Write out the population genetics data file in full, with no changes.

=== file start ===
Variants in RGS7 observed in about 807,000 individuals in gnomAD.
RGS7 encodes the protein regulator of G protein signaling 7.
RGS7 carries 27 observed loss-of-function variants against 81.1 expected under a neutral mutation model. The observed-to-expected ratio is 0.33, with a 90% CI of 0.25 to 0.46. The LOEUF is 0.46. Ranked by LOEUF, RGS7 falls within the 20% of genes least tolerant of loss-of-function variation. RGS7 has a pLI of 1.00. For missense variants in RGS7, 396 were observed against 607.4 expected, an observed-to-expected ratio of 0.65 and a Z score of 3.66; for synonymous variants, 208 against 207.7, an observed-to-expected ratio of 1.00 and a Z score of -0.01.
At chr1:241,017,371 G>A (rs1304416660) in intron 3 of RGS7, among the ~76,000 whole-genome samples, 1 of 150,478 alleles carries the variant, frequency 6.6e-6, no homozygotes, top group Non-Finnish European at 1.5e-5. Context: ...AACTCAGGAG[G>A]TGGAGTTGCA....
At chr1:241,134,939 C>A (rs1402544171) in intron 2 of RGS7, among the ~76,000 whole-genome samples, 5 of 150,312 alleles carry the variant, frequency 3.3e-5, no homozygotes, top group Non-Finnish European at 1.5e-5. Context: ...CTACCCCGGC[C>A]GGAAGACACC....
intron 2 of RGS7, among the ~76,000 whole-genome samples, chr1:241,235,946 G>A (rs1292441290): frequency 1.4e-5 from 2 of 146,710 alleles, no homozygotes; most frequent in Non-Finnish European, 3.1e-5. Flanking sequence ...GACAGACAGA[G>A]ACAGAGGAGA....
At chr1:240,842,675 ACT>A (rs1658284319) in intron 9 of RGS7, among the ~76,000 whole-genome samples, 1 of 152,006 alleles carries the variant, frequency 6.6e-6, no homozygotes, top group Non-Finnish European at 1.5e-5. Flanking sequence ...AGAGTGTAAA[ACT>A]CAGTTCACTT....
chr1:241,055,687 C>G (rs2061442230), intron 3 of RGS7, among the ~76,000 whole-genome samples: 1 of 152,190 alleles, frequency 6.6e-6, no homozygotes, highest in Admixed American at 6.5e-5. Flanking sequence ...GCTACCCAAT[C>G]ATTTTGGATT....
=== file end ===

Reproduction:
Variants in RGS7 observed in about 807,000 individuals in gnomAD.
RGS7 encodes the protein regulator of G protein signaling 7.
RGS7 carries 27 observed loss-of-function variants against 81.1 expected under a neutral mutation model. The observed-to-expected ratio is 0.33, with a 90% CI of 0.25 to 0.46. The LOEUF is 0.46. Ranked by LOEUF, RGS7 falls within the 20% of genes least tolerant of loss-of-function variation. RGS7 has a pLI of 1.00. For missense variants in RGS7, 396 were observed against 607.4 expected, an observed-to-expected ratio of 0.65 and a Z score of 3.66; for synonymous variants, 208 against 207.7, an observed-to-expected ratio of 1.00 and a Z score of -0.01.
At chr1:241,017,371 G>A (rs1304416660) in intron 3 of RGS7, among the ~76,000 whole-genome samples, 1 of 150,478 alleles carries the variant, frequency 6.6e-6, no homozygotes, top group Non-Finnish European at 1.5e-5. Context: ...AACTCAGGAG[G>A]TGGAGTTGCA....
At chr1:241,134,939 C>A (rs1402544171) in intron 2 of RGS7, among the ~76,000 whole-genome samples, 5 of 150,312 alleles carry the variant, frequency 3.3e-5, no homozygotes, top group Non-Finnish European at 1.5e-5. Context: ...CTACCCCGGC[C>A]GGAAGACACC....
intron 2 of RGS7, among the ~76,000 whole-genome samples, chr1:241,235,946 G>A (rs1292441290): frequency 1.4e-5 from 2 of 146,710 alleles, no homozygotes; most frequent in Non-Finnish European, 3.1e-5. Flanking sequence ...GACAGACAGA[G>A]ACAGAGGAGA....
At chr1:240,842,675 ACT>A (rs1658284319) in intron 9 of RGS7, among the ~76,000 whole-genome samples, 1 of 152,006 alleles carries the variant, frequency 6.6e-6, no homozygotes, top group Non-Finnish European at 1.5e-5. Flanking sequence ...AGAGTGTAAA[ACT>A]CAGTTCACTT....
chr1:241,055,687 C>G (rs2061442230), intron 3 of RGS7, among the ~76,000 whole-genome samples: 1 of 152,190 alleles, frequency 6.6e-6, no homozygotes, highest in Admixed American at 6.5e-5. Flanking sequence ...GCTACCCAAT[C>G]ATTTTGGATT....